I’ve volunteered for my local Citizens Advice Bureau since I left uni in 2004. I’m there for a couple of hours twice a week. I see clients one day and on the other I do some behind the scenes social policy work (which is mostly collecting evidence and a little campaigning). I enjoy both bits – getting to meet new people however briefly and talk with them and the social policy which helps me to contribute to wider work and perhaps make a bigger change.
When I first started seeing clients there were some coming in who had no money. It was and still is a common thing. Delays in benefit payment or wages for example. It was 2005 and one or two of those first clients went on to say they’d not been able to eat that day because of it.
I remember being completely shocked by that. My disability means I am reliant on benefits for my income and I knew about the hitches that could come up. But I’m lucky I’ve family and friends around. I just couldn’t imagine one of those late benefit payments meaning I went hungry.
Fast forward to a few months ago. It’s early 2013 and I’m talking to another client. I can’t remember the details but it’s another case of not received money they should have.
Two people in similar situations but over the years things have changed. The question of food is one I now ask regularly when a lack of money is reported “are you managing to eat?”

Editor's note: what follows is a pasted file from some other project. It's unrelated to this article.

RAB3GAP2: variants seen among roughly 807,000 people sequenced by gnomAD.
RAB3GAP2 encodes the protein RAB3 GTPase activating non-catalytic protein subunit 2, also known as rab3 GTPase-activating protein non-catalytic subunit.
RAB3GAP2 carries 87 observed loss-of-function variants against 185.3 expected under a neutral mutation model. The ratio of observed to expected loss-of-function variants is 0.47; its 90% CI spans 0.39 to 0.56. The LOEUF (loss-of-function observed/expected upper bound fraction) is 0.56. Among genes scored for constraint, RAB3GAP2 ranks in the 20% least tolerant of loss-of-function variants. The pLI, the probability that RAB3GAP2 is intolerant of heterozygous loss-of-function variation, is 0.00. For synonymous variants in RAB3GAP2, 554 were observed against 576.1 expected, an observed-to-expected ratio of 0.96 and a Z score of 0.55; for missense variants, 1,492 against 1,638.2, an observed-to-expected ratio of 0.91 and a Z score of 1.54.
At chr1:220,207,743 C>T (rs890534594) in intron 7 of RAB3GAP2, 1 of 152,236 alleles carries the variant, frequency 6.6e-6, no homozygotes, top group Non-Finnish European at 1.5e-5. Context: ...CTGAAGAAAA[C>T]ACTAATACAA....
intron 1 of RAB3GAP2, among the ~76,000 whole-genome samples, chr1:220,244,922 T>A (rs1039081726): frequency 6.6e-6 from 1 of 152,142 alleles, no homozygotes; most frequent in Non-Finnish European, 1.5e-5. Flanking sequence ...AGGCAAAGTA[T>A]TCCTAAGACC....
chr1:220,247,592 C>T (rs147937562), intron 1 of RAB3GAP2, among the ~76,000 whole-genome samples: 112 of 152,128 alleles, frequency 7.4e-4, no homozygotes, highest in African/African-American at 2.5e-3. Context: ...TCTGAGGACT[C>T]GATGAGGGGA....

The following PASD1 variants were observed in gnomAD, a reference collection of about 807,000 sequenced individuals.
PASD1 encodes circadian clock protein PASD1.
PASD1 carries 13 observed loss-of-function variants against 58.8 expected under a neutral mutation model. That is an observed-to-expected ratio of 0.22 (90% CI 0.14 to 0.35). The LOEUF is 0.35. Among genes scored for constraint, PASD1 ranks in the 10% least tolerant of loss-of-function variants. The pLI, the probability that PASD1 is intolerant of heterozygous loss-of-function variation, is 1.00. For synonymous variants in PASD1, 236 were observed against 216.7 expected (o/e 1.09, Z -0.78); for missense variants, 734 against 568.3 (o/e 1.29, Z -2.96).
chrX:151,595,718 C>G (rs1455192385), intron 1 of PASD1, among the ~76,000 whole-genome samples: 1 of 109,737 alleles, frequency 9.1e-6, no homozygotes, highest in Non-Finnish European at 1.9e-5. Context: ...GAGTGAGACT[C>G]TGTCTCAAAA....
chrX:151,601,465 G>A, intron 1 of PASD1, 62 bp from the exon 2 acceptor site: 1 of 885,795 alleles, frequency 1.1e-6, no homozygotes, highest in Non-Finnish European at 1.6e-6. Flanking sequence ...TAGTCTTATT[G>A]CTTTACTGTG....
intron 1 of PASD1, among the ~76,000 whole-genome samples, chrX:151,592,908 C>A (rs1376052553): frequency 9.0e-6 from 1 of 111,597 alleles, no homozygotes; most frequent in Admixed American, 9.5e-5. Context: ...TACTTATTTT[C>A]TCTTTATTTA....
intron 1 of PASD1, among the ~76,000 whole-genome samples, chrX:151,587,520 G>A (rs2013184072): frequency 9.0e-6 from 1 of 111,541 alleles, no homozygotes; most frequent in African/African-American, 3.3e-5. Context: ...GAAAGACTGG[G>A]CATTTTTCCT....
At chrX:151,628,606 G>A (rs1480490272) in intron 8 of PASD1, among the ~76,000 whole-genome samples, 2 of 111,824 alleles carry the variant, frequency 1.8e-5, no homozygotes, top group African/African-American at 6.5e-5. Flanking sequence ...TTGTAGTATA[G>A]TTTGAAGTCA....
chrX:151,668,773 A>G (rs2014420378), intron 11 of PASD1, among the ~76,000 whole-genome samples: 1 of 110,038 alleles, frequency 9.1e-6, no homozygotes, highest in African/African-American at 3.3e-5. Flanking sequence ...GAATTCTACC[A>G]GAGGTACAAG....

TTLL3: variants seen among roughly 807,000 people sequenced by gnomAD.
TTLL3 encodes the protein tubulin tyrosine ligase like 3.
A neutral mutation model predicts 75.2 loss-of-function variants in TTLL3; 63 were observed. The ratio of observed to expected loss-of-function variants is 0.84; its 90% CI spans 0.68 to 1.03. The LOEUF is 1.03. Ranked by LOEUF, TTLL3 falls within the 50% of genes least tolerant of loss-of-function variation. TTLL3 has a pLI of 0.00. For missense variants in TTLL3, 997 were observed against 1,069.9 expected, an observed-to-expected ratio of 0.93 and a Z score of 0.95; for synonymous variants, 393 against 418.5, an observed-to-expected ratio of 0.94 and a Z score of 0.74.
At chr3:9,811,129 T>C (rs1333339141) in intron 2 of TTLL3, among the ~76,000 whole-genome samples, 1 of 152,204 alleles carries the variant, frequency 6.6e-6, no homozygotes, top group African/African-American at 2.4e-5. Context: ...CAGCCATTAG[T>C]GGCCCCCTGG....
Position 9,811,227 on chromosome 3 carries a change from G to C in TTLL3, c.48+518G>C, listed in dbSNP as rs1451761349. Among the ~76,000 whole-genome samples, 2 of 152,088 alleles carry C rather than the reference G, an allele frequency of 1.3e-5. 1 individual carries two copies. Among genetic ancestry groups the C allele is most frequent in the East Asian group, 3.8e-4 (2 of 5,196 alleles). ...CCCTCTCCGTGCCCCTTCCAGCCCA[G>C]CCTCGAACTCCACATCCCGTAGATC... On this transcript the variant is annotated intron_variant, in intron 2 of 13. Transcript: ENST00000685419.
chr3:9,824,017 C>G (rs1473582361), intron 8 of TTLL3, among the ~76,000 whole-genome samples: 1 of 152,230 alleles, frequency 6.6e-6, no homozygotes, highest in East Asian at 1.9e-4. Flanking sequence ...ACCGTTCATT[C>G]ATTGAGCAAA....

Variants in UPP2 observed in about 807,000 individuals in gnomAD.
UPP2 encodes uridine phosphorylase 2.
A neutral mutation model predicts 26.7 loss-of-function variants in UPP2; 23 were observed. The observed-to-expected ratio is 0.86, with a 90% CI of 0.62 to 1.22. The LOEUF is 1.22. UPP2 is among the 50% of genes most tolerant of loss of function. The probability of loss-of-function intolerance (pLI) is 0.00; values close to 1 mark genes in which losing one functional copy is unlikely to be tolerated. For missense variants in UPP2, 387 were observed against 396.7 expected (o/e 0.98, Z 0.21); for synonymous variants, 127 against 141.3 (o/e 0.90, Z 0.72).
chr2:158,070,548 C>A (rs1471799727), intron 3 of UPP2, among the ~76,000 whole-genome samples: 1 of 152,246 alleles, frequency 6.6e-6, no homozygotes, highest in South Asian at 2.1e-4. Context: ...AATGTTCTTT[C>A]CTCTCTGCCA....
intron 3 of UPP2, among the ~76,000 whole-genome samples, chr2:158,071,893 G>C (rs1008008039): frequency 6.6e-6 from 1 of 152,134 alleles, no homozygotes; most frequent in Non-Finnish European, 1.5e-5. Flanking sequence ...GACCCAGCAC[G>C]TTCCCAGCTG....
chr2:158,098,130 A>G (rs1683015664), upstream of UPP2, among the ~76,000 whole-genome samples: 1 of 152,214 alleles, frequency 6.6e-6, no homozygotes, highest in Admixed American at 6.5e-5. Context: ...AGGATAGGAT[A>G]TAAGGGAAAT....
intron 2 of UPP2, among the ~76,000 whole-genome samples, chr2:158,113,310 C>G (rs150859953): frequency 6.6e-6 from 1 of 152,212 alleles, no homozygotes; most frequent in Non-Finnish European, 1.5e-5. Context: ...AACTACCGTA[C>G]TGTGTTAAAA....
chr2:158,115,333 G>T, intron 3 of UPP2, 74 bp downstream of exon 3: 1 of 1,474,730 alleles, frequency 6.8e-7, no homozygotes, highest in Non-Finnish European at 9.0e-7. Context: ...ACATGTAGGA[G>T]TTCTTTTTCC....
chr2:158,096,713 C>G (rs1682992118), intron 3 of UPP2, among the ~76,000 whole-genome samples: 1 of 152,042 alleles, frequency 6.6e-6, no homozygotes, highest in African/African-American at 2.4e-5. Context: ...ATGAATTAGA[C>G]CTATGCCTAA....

And when the reply is that they prioritise feeding their kids and eat when they can a feeling of shock no longer comes up. I’ve heard it before – in fact statistics suggest that 1 in 5 parents regularly skip meals in order to feed their children – and I just ask “is that everyday?” And continue.
But as I ask that second question and continue talking to the client in the back of my mind it hits me: I’m complacent about that.
Just how and when did questions like that become run of the mill, something I ask regularly? I hate how comfortable I’ve become asking it. When did we reach a point where it’s 2013, we’re in the UK and referring people to a food bank is something I’m used to?
Food banks are a useful resource and it’s good they exist. But no one should have to chose whether their kids eat or they do. And even more so no one should need to rely on a charity to get food. It’s thought that half a million people in the UK will receive a food parcel – usually providing enough food for four days – this year.
I’m a bit angry about that.